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Antarctic Whales

A humpback whale breaches near an Antarctic research cruise vessel.

Drawn to the cold, nutrient-rich Antarctic waters, ten species of whales spend their summers at the bottom of the world. Often sighted by research scientists are the humpback, minke, and orca.

Humpback whales in the “singing position.”

A playful humpback breaches near a Long-Term Ecological Research (LTER) ship.

A humpback fluke slapping near Palmer Station, Antarctica.

Humpbacks are best known for their haunting songs—a sequence of squeaks, roars, moans, and whistles that, analysts say, contain rhyme, rhythm, and other elements found in human music. A song can last about twenty minutes (and may be repeated for hours), reaching an audience as far as twenty miles (32 km) away. It’s generally believed that only the males sing, and it appears that they sing primarily in their breeding grounds, so an early assumption was that these are songs of courtship. But further research showed that males, not females, are attracted to the singer, which calls the courtship idea into question.

All the whales in a particular population sing the same song, which evolves over time: Certain parts of the previous year’s song are omitted while new parts are added. This pattern of change has led some people to speculate that the songs are a form of oral history—an appealing idea, but one that seems impossible to prove or disprove. It’s likely we may never know the meaning of their captivating music.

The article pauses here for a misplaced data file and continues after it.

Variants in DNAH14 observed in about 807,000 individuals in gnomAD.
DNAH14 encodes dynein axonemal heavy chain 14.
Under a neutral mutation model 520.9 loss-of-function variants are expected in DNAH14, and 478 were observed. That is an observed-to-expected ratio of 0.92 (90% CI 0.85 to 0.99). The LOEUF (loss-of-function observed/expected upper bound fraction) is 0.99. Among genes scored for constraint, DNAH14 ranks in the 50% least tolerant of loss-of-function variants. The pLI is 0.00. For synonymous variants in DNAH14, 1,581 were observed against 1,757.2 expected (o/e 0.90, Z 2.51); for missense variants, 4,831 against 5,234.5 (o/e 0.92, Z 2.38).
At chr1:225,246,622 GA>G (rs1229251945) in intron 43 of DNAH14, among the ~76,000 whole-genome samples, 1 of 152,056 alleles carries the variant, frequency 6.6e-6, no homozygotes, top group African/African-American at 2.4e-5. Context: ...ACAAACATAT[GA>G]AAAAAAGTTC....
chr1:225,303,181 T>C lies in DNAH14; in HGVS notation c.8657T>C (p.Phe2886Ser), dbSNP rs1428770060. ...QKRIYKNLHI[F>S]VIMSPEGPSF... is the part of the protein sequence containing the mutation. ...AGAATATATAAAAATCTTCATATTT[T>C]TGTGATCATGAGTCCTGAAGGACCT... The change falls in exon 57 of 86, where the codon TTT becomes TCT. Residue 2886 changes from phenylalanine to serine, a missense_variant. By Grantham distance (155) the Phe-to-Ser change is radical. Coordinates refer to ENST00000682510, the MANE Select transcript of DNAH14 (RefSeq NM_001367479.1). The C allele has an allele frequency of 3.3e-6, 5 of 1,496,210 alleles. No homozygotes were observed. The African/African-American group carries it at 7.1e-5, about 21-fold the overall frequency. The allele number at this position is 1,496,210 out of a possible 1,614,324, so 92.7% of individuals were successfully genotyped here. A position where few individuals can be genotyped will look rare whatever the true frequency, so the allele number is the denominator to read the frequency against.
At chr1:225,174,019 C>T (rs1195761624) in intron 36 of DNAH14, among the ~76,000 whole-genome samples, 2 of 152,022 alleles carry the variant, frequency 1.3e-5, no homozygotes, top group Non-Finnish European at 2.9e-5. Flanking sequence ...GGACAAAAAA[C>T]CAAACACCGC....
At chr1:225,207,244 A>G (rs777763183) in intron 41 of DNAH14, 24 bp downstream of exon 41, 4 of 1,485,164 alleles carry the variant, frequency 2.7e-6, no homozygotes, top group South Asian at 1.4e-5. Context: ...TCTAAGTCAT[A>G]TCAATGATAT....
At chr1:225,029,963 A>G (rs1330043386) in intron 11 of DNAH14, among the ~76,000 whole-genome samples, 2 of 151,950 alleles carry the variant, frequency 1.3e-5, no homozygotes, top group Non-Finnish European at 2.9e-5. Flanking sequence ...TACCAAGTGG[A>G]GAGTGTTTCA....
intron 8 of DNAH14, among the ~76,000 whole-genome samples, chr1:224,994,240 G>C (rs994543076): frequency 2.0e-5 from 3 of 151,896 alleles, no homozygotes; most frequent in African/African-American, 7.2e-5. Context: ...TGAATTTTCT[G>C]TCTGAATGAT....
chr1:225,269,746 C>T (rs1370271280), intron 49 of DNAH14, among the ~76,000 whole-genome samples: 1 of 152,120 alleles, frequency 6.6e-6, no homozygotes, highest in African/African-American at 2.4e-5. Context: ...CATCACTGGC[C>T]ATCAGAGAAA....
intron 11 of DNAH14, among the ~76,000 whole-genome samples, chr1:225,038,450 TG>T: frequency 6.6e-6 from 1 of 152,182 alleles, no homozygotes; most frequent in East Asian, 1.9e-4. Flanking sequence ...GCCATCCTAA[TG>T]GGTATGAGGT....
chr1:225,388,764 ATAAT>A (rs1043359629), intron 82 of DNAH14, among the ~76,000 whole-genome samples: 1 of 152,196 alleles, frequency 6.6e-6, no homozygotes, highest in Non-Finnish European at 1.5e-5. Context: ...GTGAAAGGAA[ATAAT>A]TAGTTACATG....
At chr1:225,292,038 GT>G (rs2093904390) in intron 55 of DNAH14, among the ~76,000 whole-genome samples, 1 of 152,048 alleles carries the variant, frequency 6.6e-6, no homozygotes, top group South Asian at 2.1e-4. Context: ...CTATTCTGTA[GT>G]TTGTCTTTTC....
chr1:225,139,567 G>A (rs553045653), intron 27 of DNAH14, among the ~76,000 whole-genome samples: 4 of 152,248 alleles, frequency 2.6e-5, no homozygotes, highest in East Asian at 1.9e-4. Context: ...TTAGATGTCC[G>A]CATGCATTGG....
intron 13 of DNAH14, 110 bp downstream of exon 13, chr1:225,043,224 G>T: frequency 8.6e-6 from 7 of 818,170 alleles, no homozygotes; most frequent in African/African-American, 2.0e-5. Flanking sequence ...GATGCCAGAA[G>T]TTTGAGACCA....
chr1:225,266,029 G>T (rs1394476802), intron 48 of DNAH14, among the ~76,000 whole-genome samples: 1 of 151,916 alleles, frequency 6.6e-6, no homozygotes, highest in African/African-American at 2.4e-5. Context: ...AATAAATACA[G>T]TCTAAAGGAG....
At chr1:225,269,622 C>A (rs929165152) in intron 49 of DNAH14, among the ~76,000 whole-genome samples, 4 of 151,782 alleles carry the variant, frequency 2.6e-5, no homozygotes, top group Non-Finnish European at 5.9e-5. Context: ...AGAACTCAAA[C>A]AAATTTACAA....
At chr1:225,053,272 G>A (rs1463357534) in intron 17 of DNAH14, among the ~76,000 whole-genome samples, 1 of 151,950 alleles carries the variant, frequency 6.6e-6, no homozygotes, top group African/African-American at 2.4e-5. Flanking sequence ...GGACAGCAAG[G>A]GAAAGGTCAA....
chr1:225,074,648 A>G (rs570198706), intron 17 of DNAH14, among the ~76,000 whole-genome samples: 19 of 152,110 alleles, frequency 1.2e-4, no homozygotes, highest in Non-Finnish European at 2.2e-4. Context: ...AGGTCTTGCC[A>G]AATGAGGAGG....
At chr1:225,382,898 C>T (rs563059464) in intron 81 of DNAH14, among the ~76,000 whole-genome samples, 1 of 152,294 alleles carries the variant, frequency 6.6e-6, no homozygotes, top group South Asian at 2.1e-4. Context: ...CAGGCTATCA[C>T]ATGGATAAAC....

Humpback song, courtesy of NOAA.

If being the opera stars of the ocean wasn’t enough claim to fame, humpbacks are also accomplished acrobats. They can propel their 50-foot-long (15 m) bodies out of the water (called breaching), sometimes twirling around before falling back into the sea with a loud crash. They can lift about a third of their body vertically out of the water (spyhopping) to take a look around. They may also slap their tail repeatedly on the water (lobtailing or fluke slapping), or slap the water with a fin. The reasons for these behaviors aren’t known, but observers find them enchanting. As marine science graduate student Cassandra Brooks wrote in a dispatch from Antarctica in February 2008:

Humpbacks are especially curious whales, and some encounters are amazing. Two years ago we had a pair of humpbacks that seemed just as delighted in us as we were in them. The whales spy-hopped, breached, rolled and fluked within only a few meters of the boat, and we dashed from port to starboard side and back again to follow every move.

Another distinctive humpback behavior is bubble-net feeding, a cooperative hunting strategy that involves creating a “fishing net” out of bubbles. The whales form a circle up to 100 feet (30 m) wide below a group of prey, usually krill or a school of small fish, and then blow a cylindrical wall of bubbles that encloses the prey. Then they swim up through the net to the surface, gulping rich mouthfuls of food. Humpbacks are baleen whales, named for the hundreds of flexible plates, called baleen, that are attached to their upper jaws. The plates are filters that trap the whales’ prey. The more densely the prey are concentrated, the better it is for the whales, so it’s good, from the whales’ point of view, that the prey won’t attempt to swim through the bubbles.